All Along The Watchtower

films . videos . television

Thursday, March 23, 2006

Wednesday Night Round-Up

Lost: The Whole Truth
I was really worried for a while last night that Lost was going to pull out a miracle baby plotline. Yeah, that plotline worked sooooooooo well on the last two seasons of The X-Files. That storyline in no way drug down and buried a once great show and no, I'm not still bitter about it.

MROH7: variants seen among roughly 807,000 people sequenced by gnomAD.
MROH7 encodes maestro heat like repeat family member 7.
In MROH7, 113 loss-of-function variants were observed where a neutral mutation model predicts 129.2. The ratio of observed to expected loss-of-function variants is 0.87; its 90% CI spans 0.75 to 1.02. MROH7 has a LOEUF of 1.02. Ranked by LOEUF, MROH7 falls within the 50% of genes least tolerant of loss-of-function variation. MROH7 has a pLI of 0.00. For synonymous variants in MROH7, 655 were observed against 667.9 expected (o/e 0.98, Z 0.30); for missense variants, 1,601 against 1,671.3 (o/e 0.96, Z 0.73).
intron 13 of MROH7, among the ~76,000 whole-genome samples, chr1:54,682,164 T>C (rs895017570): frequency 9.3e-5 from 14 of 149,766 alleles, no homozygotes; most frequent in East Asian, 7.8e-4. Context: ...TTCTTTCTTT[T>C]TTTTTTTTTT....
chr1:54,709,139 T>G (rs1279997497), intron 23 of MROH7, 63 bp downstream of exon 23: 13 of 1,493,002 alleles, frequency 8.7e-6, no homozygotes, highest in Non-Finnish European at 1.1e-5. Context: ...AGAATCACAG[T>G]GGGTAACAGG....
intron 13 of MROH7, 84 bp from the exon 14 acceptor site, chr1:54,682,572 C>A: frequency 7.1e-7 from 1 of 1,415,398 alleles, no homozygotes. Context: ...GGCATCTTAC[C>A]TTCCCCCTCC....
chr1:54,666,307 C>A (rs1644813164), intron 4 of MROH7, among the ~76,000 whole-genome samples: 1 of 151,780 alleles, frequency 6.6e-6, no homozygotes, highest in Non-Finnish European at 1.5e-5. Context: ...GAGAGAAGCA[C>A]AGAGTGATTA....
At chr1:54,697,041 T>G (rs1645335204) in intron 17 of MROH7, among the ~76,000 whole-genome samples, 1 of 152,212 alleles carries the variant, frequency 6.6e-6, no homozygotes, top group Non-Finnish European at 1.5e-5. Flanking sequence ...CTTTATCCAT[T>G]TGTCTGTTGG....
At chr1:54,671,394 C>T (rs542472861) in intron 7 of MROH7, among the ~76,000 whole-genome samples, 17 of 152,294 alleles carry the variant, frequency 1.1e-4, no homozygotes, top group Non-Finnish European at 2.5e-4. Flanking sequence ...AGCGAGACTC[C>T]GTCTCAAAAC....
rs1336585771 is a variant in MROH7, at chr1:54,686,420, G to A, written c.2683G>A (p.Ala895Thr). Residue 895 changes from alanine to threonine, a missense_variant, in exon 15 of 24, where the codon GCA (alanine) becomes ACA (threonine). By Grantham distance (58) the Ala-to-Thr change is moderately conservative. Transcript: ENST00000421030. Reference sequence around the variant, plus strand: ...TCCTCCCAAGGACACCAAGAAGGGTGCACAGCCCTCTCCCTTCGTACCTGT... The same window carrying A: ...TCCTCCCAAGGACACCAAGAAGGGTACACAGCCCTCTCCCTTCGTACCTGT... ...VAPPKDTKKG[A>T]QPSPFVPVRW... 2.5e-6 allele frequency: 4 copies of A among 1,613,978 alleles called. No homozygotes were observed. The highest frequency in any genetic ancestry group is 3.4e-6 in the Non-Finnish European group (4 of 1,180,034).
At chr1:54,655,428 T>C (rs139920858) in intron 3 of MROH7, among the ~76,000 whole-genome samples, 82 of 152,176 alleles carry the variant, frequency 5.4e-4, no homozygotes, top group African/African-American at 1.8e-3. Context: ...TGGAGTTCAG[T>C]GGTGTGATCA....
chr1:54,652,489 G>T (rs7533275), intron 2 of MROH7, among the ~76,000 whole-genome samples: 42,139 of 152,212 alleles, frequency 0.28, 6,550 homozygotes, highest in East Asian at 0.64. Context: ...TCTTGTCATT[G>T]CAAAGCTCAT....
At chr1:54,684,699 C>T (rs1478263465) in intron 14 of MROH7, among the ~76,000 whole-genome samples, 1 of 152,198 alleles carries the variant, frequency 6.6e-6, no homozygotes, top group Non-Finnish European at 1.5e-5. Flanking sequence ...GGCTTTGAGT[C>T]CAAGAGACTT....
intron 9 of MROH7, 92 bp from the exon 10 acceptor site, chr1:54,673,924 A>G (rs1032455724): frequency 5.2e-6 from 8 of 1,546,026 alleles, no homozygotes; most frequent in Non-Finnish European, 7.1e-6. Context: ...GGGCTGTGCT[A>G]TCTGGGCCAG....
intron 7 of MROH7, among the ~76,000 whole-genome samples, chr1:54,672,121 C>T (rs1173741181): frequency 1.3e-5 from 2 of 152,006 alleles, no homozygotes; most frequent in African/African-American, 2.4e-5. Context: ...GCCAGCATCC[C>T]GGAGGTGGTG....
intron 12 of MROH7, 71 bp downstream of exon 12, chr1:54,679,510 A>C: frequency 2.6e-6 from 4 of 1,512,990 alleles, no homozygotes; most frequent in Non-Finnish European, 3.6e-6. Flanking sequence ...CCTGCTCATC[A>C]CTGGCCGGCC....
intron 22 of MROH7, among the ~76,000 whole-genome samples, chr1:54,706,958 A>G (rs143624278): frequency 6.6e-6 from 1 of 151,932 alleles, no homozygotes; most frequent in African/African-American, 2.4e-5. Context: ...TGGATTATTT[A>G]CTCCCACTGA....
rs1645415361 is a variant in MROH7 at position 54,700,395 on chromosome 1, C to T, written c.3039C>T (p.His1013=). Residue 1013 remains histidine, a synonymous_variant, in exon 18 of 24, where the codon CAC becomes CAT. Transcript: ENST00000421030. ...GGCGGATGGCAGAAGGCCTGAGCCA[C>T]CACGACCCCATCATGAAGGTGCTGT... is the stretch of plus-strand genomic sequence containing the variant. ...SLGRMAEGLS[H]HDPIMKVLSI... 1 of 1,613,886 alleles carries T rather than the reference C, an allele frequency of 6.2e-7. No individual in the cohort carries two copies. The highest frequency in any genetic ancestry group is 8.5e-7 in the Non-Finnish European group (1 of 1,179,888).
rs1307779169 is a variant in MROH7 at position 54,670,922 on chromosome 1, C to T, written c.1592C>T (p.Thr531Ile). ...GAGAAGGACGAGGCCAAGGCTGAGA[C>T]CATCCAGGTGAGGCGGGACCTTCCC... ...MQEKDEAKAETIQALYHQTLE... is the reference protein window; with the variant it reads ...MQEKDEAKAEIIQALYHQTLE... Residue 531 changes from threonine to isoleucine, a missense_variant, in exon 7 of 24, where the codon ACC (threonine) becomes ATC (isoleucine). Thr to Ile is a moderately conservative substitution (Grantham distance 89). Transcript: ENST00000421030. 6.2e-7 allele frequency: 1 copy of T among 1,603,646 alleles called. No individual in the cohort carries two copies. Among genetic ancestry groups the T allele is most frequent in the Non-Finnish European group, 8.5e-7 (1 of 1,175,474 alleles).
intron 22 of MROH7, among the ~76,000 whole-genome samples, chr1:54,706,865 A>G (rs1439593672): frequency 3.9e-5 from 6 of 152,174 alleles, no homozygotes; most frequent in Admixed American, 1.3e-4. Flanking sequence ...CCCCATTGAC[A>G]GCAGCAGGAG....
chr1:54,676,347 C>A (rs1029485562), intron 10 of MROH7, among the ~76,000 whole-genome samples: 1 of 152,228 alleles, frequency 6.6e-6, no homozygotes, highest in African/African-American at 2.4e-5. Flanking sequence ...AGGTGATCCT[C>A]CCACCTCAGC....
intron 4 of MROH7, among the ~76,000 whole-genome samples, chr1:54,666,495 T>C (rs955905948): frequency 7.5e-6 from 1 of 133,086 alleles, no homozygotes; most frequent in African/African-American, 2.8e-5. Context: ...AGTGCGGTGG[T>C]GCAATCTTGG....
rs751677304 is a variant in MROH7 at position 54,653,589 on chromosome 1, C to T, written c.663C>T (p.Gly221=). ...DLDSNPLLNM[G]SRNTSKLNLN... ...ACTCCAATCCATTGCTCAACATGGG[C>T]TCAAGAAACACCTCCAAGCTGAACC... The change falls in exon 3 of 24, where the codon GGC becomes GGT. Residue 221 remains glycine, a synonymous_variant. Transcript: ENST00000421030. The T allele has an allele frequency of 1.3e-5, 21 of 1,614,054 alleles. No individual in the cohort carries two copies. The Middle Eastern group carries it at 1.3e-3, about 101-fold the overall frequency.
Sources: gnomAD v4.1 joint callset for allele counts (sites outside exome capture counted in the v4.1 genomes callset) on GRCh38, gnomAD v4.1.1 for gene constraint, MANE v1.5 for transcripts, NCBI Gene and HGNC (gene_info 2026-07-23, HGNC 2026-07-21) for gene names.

I've never really been a huge fan of the Sun and Jin storyline. I don't find it quite as compelling or interesting as discovering more about Locke or Hurley or Kate (though part of the yearning to find out more about Kate is..well, we get more screen time with Kate. Always a good thing in my book). And the thing is, we didn't really learn anything new about the characters that we hadn't already known before. Pre-island life, Sun was going to leave Jin and her family and move to America. She was taking lessons in English with the guy whose father owned the hotel that Jin served as a doorman for. Jin was working hard in Sun's father business to be worthy of Jin, but in doing so, we was selling out his soul and losing Sun. He gained and lost everything in that one decision. Oh yeah--and he could kind of be a jackass, which we see in the scenes at the fertility doctor when Jin goes ballastic, saying Sun knew that she couldn't have children before they married and didn't tell him. Her response of--yeah, that was my plan to marry below my perceived social status really stung.